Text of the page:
More than 500 learners at Omundudu Combined School were withdrawn by their parents pending investigations and a hearing into the alleged misconduct involving two senior staff accused of contravening the Public Service Act of 1995.
Those under investigation include the school's principal who has since been temporarily transferred to the circuit office and a head of department, who is reportedly refusing to be transferred to allow for investigations. In March, education ministry executive director Sanet Steenkamp charged the duo with misconduct. Subsequently, they were transferred from the school to different duty stations, with the principal taking up the offer at the circuit office.
However, the head of department refused to be transferred, citing unfairness in the process.
Steenkamp yesterday confirmed learners were sent home, saying this was triggered by the unconducive teaching and learning environment at the school as a result of the standoff involving the teacher who is defying the transfer directive.
"Both the teacher and the principal were charged for misconduct and have disciplinary cases against them. There were several meetings where the staff member was engaged and she was given three options of different schools to choose from. She refused," Steenkamp said.
Steenkamp said the teacher allegedly continued coming to the school, despite her being removed from the teaching timetable.
"The staff member to date still refuses the written instruction from the ED, who has the prerogative, in terms of Public Service Act, No. 13 of 1995, to transfer a staff member to ensure a conducive environment at a school. The staff member contributed greatly to the breakdown of trust and a safe school environment, and a non-conducive learning environment," she noted.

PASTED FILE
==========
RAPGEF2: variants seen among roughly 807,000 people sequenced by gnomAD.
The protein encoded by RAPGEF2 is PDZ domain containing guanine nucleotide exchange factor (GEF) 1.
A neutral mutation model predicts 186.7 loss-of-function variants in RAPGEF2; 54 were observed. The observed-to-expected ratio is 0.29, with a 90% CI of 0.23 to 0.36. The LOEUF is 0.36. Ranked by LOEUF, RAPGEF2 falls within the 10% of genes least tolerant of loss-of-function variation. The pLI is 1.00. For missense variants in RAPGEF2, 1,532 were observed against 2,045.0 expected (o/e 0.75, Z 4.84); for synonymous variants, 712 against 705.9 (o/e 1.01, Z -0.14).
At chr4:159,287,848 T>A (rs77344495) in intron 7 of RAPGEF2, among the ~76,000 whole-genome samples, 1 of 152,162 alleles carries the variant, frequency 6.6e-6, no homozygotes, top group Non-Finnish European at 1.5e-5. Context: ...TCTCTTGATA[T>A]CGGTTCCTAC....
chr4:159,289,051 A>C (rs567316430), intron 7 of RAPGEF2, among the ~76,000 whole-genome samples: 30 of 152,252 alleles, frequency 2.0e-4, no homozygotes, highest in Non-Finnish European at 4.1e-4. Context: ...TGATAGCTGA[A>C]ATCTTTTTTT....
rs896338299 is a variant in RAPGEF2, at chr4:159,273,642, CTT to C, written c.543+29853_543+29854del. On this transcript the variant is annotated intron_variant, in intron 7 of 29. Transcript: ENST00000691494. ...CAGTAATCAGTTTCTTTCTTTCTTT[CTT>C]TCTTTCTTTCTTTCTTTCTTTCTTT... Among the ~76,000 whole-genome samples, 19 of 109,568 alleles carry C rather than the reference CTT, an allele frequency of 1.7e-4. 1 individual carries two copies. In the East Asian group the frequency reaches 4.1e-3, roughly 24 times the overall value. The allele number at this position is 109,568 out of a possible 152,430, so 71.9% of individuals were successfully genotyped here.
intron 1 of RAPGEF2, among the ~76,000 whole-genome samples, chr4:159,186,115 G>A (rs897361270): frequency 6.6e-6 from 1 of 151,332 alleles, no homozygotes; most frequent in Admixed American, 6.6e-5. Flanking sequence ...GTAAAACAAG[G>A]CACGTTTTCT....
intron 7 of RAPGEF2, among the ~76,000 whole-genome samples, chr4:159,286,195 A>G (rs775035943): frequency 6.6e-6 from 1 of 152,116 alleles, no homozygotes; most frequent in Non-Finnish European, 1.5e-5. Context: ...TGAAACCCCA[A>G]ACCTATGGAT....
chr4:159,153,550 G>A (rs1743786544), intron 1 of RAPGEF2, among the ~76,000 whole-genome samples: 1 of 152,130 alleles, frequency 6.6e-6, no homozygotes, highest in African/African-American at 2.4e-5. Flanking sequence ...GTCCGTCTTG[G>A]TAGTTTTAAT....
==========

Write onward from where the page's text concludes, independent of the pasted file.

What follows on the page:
Further, she stated, various meetings, interventions and discussions took place and the parents and school board have been urging the education ministry to take the required action against the staff member, whom they apparently do not wish to remain at the school.
This, she said, prompted parents and the school board to send learners home yesterday until a solution is found. Teachers will, however, continue coming to school.
Steenkamp said she has instructed the Ohangwena education regional director to obtain a restraining order against the said teacher to avoid her entering the school premises until investigations are completed.
The Teachers Union of Namibia, which is representing the teacher, feels any public official who is mandated by any law to make a decision must do so in conformity with article 18 of the Namibian constitution.
"The decision must be fair, just and reasonable not to favour one party at the expense of the other. If an administration decision is made which is aimed to undermine the dignity of our members, we have the right to intervene. The member doesn't have a problem to adhere to the ED letter if she could be given a place that will not expose her since she is not found guilty yet," TUN secretary general Mahongora Kavihuha reacted.
As a union, Kavihuha promised to engage Steenkamp to try to find an amicable solution to the standoff, which they "believe is not insurmountable". A meeting with the school management, board and parents has been called for 08h00 this morning.